The camera strap is to short and the small nature of the body means that finding something longer might be an issue unless you come up with a hack. A couple of small key ring holders would work to put a longer strap on. The battery life is a little short especially if you are using the 45-200 lens with the IS switch.
The camera won't fit in your pocket if you don't have a pancake lens on it. You'll need a bag. I have a small military surplus bag that I carry the camera in. I don't so much like the idea of a wrist strap as they aren't all that practical for me.

If you are looking for a nice camera that takes good quality photos, is easy to operate and yet has DSLR capabilities then this is a camera worth taking a look.
2012_07_17 Update:
I've had this camera combo for several weeks and have taken close to 500 photos with it. I believe the newness has finally worn off and while I like the camera still I am disappointed with its overall performance photo wise. I've been shooting photos with this camera in low light situations and at sunrise. I'm finding that the noise level at 400 ISO isn't what I think it should be. Then again I'm use to a Canon 5Dmkii and have no issues with using 1600 ISO with that camera. The grain is very noticeable @ 400 ISO with the Panasonic even about a half hour after sunrise. It is hard to get a tack sharp photo with the telephoto lens extended partially out. I don't think it should be an issue at ISO 800 but apparently with this camera the noise is terrible. Even with the IS function it is very difficult to get a hand held shot. I think there is room for improvement with the technology. I've lowered my rating of this camera to 3 stars because I'm having lots of difficulty taking photos with this camera during the time I normally take photos which is low light and sunrise. I also find the menus a bit cumbersome and non intuitive.
It can take a decent portrait shot when there is nice available light. So if this is when you take most of your photos then this is a terrific camera. I like the weight and its potential reach with the long lens. I think there needs to be more improvement. I can say it is a good camera. Would I recommend it? I think yes with the caveat of if you are using it for fun photos it is a good camera. If you are looking to entry level DSLR quality this probably isn't the best example.
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8 of 8 people found the following review helpful
5.0 out of 5 stars Tiny Body, Mighty Power, March 29, 2012
My husband and I recently bought this camera and were able to test it out in Washington DC for the Cherry Blossom Festival. We were upgrading from an old point and shoot and a couple of camera phones so neither of us has much real photography experience.

We were instantly surprised with how easy the camera is to pick up and start snapping with. With the guts close to that of a DSLR but the size of a point and shoot, the camera is small enough to fit into a jacket pocket but mighty enough to get incredible detail (sorry camera phone... I don't think we can see each other anymore). I've read some complaints that with the longer lens the camera feels unbalanced, but the only time I ever noticed this was in between shots when the camera was hanging around my neck. In my hands it felt great.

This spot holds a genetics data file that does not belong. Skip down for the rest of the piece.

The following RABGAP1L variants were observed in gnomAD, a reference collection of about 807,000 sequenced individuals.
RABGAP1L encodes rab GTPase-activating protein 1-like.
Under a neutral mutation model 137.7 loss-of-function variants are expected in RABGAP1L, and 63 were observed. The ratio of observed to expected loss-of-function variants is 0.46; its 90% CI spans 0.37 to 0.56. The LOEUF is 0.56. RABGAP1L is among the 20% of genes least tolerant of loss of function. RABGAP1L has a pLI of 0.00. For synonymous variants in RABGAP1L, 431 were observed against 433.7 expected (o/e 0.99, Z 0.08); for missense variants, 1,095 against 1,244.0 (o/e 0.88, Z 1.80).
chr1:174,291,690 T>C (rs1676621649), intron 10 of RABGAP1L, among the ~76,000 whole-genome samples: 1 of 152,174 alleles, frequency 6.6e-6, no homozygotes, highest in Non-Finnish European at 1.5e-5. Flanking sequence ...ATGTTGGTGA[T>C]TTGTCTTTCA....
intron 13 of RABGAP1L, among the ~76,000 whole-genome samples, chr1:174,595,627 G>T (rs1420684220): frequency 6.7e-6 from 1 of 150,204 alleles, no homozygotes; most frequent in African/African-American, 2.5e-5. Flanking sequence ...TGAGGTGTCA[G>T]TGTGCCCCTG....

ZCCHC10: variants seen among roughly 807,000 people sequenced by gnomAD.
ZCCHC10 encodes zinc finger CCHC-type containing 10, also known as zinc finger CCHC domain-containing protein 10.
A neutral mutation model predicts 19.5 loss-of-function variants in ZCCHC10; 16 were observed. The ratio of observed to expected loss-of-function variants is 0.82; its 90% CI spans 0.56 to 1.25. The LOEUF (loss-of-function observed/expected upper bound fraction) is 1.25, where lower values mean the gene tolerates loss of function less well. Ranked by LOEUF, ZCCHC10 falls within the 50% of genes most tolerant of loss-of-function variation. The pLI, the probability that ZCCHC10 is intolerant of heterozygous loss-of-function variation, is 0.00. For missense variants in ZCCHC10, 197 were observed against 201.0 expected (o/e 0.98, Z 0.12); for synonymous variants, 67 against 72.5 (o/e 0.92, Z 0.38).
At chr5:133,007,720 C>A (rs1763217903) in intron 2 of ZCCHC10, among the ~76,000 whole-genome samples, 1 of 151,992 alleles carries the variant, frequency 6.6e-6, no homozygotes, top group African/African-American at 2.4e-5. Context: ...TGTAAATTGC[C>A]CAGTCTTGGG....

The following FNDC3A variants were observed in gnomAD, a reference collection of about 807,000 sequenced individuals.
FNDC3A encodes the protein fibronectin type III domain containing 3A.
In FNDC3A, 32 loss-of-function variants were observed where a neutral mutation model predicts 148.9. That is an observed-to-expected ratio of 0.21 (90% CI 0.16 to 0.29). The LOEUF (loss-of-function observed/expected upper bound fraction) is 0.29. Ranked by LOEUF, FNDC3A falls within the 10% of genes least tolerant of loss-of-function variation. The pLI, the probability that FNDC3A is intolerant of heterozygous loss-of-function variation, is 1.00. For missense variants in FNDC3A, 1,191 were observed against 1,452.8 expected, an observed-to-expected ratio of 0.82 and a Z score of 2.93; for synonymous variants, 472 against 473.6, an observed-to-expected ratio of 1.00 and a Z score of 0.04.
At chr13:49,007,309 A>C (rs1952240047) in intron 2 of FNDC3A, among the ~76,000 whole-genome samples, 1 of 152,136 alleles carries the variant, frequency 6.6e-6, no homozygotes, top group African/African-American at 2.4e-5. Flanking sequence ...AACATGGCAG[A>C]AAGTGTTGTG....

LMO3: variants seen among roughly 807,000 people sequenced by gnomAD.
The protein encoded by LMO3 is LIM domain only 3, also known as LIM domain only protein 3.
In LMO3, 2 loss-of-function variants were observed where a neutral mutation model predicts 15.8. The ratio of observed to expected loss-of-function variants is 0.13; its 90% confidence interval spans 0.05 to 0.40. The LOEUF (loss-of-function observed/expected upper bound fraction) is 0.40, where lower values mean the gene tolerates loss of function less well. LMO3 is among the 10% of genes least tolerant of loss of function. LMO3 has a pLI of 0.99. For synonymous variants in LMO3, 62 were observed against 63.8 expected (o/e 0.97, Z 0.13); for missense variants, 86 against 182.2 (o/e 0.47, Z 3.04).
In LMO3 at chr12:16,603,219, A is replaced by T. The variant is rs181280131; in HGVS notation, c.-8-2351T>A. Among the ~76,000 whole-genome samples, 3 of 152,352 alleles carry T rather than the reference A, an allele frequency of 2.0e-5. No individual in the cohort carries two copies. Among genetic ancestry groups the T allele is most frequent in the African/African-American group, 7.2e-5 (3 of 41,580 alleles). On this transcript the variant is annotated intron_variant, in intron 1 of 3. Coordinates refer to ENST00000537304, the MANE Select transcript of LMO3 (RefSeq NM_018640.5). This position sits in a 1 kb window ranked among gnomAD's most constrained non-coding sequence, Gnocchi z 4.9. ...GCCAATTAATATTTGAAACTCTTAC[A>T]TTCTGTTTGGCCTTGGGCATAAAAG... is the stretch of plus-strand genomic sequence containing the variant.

The camera did a beautiful job handling close up pictures of the individual blossoms as well as getting great shots of rows of trees. The auto-focus setting made the camera feel just like a point and shoot which made both of us instantly more comfortable playing around with some of the other settings. Looking at the photos on the computer we are thrilled with the quality of the shots and the depth of field that is produced. With little to no effort on our part the pictures came out with beautiful color and detail.

The only negative we've found so far is that the battery life seems to leave a little to be desired. By the end of the day we were opting to turn the camera off in between shots to conserve power. We have since picked up another battery which quickly makes this a minor issue. Also in the camera's favor, even when we were shutting the camera completely off between shots, it only took a matter of seconds to get it turned back on and photo ready. Short of the rapid spontaneous shots, this camera should be able to boot back up in plenty of time should you need to save some juice.

Over all this camera has exceeded our initial expectations and seems to be a great entry level camera for those toying with the idea of a DSLR. The price is great, and for those coming from a point and shoot, the results will knock you off your feet.
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29 of 36 people found the following review helpful
3.0 out of 5 stars Nice camera, but didn't focus well with pancake lens, November 2, 2011
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I own the older version of this camera (GF1) and was looking for something smaller to capitalize on the compactness of the micro 4/3 system. The GF3 is significantly smaller than the GF1, small enough that I could carry it in my jeans pocket with only a slight bulge (the old camera wouldn't fit at all!).

The camera is a 'downgrade' functionality wise because it loses the mode dial, hotshoe and real jog dial of its ancestor but nevertheless functions just as well in terms of operation and speed.

Problem is I had a 20mm f1.7 pancake lens with my GF1 and focusing was very erratic on the GF3. Electric contacts were clean on both the camera and lens but focusing is a 'hit or miss' beyond acceptable levels. Focusing was always sharp and accurate with the same lens on the old camera